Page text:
Latin American Development Bank CAF Turns to Asia, Middle East for Fresh Capital

Corporacion Andina de Fomento is seeking to add new members from Europe, the Middle East and Asian countries to finance new projects in the region

Sergio Diaz-Granados, president of the Corporación Andina de Fomento CAF), during a news conference in Santiago de Compostela, Spain, on Friday, Sept. 15, 2023. Photographer: Paul Hanna/Bloomberg
By Bloomberg News
September 23, 2023 | 03:00 AM

Bloomberg — Corporación Andina de Fomento (CAF), a Latin American development bank that will lend over $14 billion this year, is seeking to add new members from Europe, the Middle East and Asian countries to finance new projects in the region.

Mexican Inflation Edges Lower as Banxico Decision Looms

The Caracas-based bank, one of Latin America’s largest lenders, is in conversations with several countries including Saudi Arabia, Qatar, India and Korea to join its existing 21 members, President Sergio Diaz-Granados said.

The new shareholders could get a stake of as much as 15% of the bank and two seats on its board but CAF will continue to be controlled by Latin American nations, he said.

“We are in this process of seeking partners that contribute to the bank without the bank losing its essence,” Diaz-Granados told reporters in Mexico City on Friday.


“The idea is to double the size of the bank by 2030, and you can do that basically with capitalization by the countries.”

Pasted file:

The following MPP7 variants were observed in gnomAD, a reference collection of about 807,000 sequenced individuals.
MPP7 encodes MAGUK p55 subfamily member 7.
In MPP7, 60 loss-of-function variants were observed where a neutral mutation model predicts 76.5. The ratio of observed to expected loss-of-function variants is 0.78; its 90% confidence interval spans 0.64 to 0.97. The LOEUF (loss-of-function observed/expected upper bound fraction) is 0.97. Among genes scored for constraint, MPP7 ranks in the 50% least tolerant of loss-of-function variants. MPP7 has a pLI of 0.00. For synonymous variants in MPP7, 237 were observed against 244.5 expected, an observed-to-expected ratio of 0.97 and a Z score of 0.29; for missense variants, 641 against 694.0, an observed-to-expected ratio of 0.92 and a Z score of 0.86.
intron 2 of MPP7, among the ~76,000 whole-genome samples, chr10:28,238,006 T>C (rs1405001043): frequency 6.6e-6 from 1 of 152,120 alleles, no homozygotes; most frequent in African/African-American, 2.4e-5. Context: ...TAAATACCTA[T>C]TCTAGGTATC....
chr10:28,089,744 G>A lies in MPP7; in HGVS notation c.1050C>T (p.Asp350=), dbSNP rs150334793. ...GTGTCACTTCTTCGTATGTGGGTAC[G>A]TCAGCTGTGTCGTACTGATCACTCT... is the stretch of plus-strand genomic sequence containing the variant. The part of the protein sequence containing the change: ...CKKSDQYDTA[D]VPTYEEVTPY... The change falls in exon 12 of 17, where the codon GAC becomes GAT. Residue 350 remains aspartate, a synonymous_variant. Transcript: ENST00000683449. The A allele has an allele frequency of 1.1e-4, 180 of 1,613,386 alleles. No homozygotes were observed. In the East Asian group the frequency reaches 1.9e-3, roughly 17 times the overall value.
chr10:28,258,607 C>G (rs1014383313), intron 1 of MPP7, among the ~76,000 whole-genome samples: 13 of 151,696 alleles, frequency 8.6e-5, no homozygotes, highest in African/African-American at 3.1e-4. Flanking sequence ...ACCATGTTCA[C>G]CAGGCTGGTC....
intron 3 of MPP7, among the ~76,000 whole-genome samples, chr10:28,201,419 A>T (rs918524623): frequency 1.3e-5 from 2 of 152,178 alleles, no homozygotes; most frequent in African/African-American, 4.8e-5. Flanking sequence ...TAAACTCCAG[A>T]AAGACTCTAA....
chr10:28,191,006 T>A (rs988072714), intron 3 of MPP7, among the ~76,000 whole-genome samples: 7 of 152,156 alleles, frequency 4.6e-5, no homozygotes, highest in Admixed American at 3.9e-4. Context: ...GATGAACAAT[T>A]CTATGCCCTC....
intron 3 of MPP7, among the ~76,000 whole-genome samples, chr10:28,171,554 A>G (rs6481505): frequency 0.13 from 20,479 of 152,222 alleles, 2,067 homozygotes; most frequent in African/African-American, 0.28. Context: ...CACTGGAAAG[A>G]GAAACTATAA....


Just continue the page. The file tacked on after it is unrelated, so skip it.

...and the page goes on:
The process of expanding the bank to new members will take time, with CAF more immediately focused on adding some Caribbean nations to reach between 27 and 28 members. Spain and Portugal are currently the only two members that aren’t from the region.

While CAF has expanded quickly in recent years and now rivals other lenders such as the US-backed InterAmerican Development Bank, it’s seeking new backers that will provide the fresh capital needed to increase loans and improve links with other regions.


The US doesn’t have a say in the bank, having historically opted to direct funding to Latin America through the World Bank or the IDB, both based in Washington.

Diaz-Granados sees these institutions as complementary but said CAF can finance a broader set of projects than the IDB in the region because it’s decisions aren’t under threat of a US veto.

The bank isn’t seeking to add the US to its ranks nor is the American government is willing to join CAF, he said.

“We have a fluid communication with them but they aren’t interested in CAF and in our case we aren’t interested in the US either,” he said. “This is a piggy bank of Latin America and the Caribbean. This belong to us.”


Argentina loan

CAF recently played a key role in helping cash-strapped Argentina repay a tranche of its $44 billion program with the International Monetary Fund, giving a $1 billion bridge loan to the country for about three weeks until the IMF approved a disbursement to the country, charging a 4% interest.

The bank was then repaid by the IMF in Special Drawing Rights, the organization’s international reserve asset known as SDRs, which CAF is now allowed to hold.

Rich countries should use their excess SDRs to finance development projects, particularly in areas affected by climate catastrophes, Diaz-Granados said.


“SDRs can be used to face a liability through a development bank,” he said. “They should be used for the crisis we are seeing now, which is a climate-generated crisis.”

By Juan Pablo Spinetto

Chilean Central Bank Anticipates Interest Rates Declining Amidst Caution Over Market Volatility